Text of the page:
As the racing season in Saratoga was just about to heat up in July, another controversy was brewing outside the confines of the track. A food service truck named the “Wandering Dago” was being told to vacate the premises, despite having an approved permit to operate on the grounds witzige videos kostenlos downloaden.
Despite requiring 30 days notice to take such actions, officials threatened the owners by telling them to leave the grounds or their truck would be towed the following morning cliparts kostenlos herunterladen.
While we were hoping the name of the state official would surface, the inevitable lawsuit seemed pretty straight forward.
So why would they insist on removing the Wandering Dago knowing full well that they were violating proper protocol by not providing 30 days advance notice free youtube to mp3? To cater to the thin-skinned state official?
Via the Times Union:
The question of whether the Wandering Dago will find a home on property controlled by the state might end up being settled in federal court outlook adressbuch manuell herunterladen.
The owners of the Schenectady-based food truck — as controversial for its name as it is beloved for its pulled-pork sandwiches — filed suit Tuesday against the New York Racing Association and the state Office of General Services microsoft office home 2010 kostenlos downloaden. Brandon Snooks and Andrea Loguidice say they were unfairly bounced from a spot at Saratoga Race Course in July, two months after being denied a chance to sell their wares on Empire State Plaza leo's fortune kostenlos herunterladen.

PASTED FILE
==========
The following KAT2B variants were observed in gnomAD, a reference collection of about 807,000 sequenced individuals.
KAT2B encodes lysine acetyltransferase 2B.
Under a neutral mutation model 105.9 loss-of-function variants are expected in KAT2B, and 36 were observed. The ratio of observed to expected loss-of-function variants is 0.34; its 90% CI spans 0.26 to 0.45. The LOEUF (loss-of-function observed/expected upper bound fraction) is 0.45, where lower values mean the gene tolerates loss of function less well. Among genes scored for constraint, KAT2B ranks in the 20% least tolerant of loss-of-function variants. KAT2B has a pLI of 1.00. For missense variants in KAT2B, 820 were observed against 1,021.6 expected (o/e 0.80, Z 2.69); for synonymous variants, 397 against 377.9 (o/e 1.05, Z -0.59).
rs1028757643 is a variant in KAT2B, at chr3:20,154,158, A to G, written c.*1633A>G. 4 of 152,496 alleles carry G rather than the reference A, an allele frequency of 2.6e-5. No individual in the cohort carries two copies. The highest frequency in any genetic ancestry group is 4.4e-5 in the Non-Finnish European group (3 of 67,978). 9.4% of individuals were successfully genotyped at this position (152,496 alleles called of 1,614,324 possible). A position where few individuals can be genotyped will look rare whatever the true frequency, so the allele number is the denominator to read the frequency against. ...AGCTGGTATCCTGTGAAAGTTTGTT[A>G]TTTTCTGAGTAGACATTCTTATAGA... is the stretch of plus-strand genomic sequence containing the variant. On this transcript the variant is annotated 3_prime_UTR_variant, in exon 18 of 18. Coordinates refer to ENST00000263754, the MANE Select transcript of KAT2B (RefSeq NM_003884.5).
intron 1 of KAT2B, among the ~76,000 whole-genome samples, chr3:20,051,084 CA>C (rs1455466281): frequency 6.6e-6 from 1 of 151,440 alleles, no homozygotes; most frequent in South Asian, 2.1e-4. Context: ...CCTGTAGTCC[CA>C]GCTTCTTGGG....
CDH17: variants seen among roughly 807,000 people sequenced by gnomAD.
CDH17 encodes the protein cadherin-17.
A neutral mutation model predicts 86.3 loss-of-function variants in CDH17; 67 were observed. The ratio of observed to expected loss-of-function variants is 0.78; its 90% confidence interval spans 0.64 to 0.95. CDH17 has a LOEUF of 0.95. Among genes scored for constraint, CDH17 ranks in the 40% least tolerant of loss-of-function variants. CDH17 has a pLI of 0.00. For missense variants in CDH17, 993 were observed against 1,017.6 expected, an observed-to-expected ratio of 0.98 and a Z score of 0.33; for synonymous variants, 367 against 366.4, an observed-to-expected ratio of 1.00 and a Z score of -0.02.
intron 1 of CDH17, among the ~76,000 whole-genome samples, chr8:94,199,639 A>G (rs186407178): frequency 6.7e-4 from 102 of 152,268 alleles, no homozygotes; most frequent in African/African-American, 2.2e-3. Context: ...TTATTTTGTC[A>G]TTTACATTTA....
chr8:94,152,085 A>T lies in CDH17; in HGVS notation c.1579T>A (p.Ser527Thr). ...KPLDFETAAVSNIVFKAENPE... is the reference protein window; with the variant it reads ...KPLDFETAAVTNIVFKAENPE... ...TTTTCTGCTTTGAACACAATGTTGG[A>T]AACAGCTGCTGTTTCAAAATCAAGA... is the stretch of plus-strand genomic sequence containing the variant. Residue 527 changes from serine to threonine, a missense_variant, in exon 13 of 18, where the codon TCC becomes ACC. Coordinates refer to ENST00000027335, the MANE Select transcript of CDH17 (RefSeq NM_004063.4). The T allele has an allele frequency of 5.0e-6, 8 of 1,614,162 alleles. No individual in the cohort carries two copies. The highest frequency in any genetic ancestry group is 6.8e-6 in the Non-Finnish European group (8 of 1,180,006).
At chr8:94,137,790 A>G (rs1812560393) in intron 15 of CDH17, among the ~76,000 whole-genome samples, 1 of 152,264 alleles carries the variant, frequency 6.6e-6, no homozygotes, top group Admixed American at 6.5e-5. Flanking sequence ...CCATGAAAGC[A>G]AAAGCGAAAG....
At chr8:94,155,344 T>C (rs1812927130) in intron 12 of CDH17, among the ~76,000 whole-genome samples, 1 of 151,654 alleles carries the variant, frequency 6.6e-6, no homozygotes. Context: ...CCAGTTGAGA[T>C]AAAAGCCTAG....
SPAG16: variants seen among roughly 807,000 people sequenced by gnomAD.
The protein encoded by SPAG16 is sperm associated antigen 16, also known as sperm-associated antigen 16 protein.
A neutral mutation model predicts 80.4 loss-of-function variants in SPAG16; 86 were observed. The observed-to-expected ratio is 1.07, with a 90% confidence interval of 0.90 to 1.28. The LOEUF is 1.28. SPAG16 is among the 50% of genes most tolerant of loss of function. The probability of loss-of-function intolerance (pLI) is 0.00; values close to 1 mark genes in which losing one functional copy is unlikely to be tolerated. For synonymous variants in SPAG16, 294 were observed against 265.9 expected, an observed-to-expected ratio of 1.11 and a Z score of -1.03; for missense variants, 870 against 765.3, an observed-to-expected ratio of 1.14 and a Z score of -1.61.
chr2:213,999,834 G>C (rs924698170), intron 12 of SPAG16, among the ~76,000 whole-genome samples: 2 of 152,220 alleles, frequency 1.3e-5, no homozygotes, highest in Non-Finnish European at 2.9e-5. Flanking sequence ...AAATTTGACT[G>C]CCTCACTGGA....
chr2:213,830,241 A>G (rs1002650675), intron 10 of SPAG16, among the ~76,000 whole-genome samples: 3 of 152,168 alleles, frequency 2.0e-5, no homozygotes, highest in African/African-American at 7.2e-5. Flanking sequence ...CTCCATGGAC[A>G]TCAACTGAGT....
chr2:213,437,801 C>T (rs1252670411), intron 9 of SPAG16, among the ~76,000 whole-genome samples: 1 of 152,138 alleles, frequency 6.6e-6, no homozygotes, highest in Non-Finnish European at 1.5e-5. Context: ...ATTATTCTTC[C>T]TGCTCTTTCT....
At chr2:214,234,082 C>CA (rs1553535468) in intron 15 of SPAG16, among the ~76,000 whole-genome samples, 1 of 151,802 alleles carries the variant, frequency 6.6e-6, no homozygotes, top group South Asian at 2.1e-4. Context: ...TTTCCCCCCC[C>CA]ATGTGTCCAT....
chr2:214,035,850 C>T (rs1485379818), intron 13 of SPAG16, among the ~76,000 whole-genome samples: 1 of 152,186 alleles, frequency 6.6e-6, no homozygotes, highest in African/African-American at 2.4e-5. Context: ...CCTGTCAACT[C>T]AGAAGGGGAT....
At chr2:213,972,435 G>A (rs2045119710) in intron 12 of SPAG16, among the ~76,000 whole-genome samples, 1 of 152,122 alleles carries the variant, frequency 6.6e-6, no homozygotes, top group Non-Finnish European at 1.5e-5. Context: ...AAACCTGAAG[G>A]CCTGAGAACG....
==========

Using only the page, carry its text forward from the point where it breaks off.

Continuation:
The lawsuit, filed in U.S. District Court in Albany, names among its defendants NYRA’s new president and CEO, Christopher Kay; OGS Commissioner RoAnn Destito; and Destito’s deputy, Joseph Rabito adobe elements 14 downloaden. The suit also names “John Does 1-5” — slots that could end up being occupied by high-ranking but so far anonymous state officials whom the suit describes as the real source of the Wandering Dago’s troubles jabref kostenlos.
Snooks and Loguidice insist they intended the truck’s name to be a tribute to the hardworking Italian-Americans of previous generations who toiled as day laborers free series. A recent online poll they conducted found clear majority support for retaining the name. Their critics, however, see “dago” as an unreconstructed ethnic slur.
The complaint cites first amendment violations of free speech as grounds for the lawsuit.